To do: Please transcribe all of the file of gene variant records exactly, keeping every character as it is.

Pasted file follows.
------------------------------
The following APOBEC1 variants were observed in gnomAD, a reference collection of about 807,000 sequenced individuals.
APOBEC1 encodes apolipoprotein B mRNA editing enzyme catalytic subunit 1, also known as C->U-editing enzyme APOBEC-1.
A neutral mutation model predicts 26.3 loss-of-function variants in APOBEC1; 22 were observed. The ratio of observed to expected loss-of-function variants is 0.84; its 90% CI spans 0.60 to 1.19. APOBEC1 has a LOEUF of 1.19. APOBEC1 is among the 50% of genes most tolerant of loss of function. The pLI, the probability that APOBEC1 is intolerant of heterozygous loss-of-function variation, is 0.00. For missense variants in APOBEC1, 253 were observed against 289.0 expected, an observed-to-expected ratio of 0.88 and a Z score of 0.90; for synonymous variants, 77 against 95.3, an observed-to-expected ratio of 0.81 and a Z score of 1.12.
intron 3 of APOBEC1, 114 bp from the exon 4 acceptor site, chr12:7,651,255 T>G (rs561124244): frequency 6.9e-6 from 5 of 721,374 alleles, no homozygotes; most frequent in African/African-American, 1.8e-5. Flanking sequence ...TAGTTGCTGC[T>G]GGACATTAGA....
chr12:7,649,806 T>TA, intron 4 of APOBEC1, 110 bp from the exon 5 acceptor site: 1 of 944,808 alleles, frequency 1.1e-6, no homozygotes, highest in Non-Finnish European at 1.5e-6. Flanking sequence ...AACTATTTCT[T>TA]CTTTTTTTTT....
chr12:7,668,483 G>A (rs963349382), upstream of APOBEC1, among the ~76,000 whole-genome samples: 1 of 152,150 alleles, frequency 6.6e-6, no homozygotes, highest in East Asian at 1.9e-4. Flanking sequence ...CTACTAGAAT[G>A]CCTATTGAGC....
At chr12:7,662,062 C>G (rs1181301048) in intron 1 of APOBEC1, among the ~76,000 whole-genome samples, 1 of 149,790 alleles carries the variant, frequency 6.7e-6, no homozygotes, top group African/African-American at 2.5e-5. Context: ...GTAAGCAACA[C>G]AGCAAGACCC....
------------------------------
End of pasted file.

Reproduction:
The following APOBEC1 variants were observed in gnomAD, a reference collection of about 807,000 sequenced individuals.
APOBEC1 encodes apolipoprotein B mRNA editing enzyme catalytic subunit 1, also known as C->U-editing enzyme APOBEC-1.
A neutral mutation model predicts 26.3 loss-of-function variants in APOBEC1; 22 were observed. The ratio of observed to expected loss-of-function variants is 0.84; its 90% CI spans 0.60 to 1.19. APOBEC1 has a LOEUF of 1.19. APOBEC1 is among the 50% of genes most tolerant of loss of function. The pLI, the probability that APOBEC1 is intolerant of heterozygous loss-of-function variation, is 0.00. For missense variants in APOBEC1, 253 were observed against 289.0 expected, an observed-to-expected ratio of 0.88 and a Z score of 0.90; for synonymous variants, 77 against 95.3, an observed-to-expected ratio of 0.81 and a Z score of 1.12.
intron 3 of APOBEC1, 114 bp from the exon 4 acceptor site, chr12:7,651,255 T>G (rs561124244): frequency 6.9e-6 from 5 of 721,374 alleles, no homozygotes; most frequent in African/African-American, 1.8e-5. Flanking sequence ...TAGTTGCTGC[T>G]GGACATTAGA....
chr12:7,649,806 T>TA, intron 4 of APOBEC1, 110 bp from the exon 5 acceptor site: 1 of 944,808 alleles, frequency 1.1e-6, no homozygotes, highest in Non-Finnish European at 1.5e-6. Flanking sequence ...AACTATTTCT[T>TA]CTTTTTTTTT....
chr12:7,668,483 G>A (rs963349382), upstream of APOBEC1, among the ~76,000 whole-genome samples: 1 of 152,150 alleles, frequency 6.6e-6, no homozygotes, highest in East Asian at 1.9e-4. Flanking sequence ...CTACTAGAAT[G>A]CCTATTGAGC....
At chr12:7,662,062 C>G (rs1181301048) in intron 1 of APOBEC1, among the ~76,000 whole-genome samples, 1 of 149,790 alleles carries the variant, frequency 6.7e-6, no homozygotes, top group African/African-American at 2.5e-5. Context: ...GTAAGCAACA[C>G]AGCAAGACCC....